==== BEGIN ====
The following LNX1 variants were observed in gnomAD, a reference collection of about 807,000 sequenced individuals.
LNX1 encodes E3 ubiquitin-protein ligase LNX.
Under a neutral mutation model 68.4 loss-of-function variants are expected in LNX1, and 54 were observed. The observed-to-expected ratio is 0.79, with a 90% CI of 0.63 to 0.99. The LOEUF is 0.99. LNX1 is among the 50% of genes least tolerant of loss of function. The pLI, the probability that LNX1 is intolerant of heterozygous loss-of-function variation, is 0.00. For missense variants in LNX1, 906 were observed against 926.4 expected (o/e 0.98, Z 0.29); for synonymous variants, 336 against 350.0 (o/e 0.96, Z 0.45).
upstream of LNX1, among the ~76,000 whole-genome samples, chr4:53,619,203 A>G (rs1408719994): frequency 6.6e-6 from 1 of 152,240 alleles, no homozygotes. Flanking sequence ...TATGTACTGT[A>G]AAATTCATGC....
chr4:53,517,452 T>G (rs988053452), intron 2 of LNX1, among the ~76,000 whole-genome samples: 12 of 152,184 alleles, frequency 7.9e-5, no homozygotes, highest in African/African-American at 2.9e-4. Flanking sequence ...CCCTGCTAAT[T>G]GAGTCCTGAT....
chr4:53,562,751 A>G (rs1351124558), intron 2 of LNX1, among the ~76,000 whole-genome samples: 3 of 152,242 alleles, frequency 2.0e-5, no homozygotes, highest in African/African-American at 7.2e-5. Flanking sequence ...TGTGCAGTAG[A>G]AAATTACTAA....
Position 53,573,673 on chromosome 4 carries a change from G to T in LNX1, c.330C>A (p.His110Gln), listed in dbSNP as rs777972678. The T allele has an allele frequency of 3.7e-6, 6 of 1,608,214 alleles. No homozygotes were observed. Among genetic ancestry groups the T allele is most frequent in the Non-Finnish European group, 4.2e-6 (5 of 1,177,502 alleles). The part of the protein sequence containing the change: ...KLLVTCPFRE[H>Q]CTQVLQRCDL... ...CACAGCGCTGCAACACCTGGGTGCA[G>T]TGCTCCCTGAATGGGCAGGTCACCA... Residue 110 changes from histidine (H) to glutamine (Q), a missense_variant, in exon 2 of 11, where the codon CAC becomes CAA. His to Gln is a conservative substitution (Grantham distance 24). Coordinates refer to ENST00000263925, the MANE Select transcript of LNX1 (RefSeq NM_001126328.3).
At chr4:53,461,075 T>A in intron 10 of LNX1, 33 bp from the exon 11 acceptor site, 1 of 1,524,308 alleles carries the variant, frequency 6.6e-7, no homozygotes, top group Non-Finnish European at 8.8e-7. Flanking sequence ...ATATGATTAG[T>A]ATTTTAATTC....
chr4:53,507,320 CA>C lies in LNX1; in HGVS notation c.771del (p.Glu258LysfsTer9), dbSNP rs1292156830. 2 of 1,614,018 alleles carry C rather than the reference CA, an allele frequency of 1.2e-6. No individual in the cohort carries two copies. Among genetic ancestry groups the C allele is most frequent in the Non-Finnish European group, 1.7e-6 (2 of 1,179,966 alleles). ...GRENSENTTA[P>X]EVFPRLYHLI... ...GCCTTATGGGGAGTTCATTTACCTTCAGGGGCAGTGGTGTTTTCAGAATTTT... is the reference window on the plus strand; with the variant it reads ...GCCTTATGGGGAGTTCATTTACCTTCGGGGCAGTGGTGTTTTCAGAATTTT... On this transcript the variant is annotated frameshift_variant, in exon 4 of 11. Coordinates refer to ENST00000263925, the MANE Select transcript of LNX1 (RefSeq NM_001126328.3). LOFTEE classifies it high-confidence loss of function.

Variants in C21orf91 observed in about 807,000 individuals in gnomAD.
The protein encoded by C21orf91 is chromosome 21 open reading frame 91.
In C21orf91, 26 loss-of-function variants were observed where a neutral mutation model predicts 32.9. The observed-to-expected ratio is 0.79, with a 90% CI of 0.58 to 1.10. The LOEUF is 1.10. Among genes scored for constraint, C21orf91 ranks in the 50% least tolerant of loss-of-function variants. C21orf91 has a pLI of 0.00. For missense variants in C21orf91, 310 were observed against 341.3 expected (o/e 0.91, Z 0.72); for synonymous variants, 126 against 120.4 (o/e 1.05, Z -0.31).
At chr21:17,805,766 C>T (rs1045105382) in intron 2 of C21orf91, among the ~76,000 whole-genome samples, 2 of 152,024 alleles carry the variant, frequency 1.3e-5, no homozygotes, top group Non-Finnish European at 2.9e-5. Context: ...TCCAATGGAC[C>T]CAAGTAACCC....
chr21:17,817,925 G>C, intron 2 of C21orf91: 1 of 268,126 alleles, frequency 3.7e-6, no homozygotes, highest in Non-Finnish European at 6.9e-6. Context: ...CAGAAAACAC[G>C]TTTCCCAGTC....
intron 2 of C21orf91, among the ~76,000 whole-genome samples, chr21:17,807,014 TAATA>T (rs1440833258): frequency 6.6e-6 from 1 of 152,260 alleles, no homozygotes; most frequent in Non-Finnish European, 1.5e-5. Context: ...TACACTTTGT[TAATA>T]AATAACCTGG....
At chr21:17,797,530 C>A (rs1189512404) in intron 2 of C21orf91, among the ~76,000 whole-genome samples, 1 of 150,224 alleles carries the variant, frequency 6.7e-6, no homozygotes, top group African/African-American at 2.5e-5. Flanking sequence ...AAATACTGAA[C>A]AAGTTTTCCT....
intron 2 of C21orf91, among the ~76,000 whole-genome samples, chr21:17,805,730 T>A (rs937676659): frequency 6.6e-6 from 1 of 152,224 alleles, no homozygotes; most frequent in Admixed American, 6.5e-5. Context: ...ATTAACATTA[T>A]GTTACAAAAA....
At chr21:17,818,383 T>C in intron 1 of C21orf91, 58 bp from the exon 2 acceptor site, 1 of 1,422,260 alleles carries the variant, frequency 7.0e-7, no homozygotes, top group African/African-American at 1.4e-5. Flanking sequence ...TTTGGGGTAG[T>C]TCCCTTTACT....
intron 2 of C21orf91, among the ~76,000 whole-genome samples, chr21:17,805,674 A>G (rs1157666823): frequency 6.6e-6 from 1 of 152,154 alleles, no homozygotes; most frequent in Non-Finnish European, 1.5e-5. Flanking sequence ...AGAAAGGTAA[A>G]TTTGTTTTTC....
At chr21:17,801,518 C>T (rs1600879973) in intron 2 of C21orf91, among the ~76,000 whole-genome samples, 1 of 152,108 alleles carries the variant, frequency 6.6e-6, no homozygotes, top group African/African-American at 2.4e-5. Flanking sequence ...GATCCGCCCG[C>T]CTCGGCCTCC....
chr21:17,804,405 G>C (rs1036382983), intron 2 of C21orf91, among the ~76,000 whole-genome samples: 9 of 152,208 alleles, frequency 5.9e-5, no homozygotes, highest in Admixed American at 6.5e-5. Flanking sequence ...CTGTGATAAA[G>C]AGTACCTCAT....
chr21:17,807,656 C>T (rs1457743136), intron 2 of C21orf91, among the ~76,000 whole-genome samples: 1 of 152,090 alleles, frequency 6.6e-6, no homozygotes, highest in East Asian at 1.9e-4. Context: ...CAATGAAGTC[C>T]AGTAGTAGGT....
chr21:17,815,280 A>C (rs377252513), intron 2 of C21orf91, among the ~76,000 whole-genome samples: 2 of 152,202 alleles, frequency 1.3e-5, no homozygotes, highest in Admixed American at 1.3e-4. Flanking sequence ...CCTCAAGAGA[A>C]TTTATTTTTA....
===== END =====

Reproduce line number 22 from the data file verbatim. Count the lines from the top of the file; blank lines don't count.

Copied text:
chr21:17,807,656 C>T (rs1457743136), intron 2 of C21orf91, among the ~76,000 whole-genome samples: 1 of 152,090 alleles, frequency 6.6e-6, no homozygotes, highest in East Asian at 1.9e-4. Context: ...CAATGAAGTC[C>T]AGTAGTAGGT....